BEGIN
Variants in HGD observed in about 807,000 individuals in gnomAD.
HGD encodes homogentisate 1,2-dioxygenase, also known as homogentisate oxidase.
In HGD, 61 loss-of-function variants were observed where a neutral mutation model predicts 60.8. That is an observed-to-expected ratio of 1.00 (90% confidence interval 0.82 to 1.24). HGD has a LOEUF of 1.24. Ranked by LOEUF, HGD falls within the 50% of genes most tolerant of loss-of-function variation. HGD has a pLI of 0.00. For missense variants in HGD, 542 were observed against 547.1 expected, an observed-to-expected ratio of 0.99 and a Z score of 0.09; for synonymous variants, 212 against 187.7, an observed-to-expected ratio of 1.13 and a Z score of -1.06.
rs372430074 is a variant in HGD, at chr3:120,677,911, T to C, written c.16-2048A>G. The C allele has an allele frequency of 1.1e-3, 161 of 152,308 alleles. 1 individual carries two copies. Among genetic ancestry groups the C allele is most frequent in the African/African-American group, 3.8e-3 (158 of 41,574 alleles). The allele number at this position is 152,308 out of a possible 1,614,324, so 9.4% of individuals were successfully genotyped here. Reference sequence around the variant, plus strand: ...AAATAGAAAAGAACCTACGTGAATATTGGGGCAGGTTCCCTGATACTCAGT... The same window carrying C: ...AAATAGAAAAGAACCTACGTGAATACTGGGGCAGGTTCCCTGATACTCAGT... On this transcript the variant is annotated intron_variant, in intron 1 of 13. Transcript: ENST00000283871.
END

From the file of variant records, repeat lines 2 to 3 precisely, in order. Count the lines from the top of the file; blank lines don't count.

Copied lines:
HGD encodes homogentisate 1,2-dioxygenase, also known as homogentisate oxidase.
In HGD, 61 loss-of-function variants were observed where a neutral mutation model predicts 60.8. That is an observed-to-expected ratio of 1.00 (90% confidence interval 0.82 to 1.24). HGD has a LOEUF of 1.24. Ranked by LOEUF, HGD falls within the 50% of genes most tolerant of loss-of-function variation. HGD has a pLI of 0.00. For missense variants in HGD, 542 were observed against 547.1 expected, an observed-to-expected ratio of 0.99 and a Z score of 0.09; for synonymous variants, 212 against 187.7, an observed-to-expected ratio of 1.13 and a Z score of -1.06.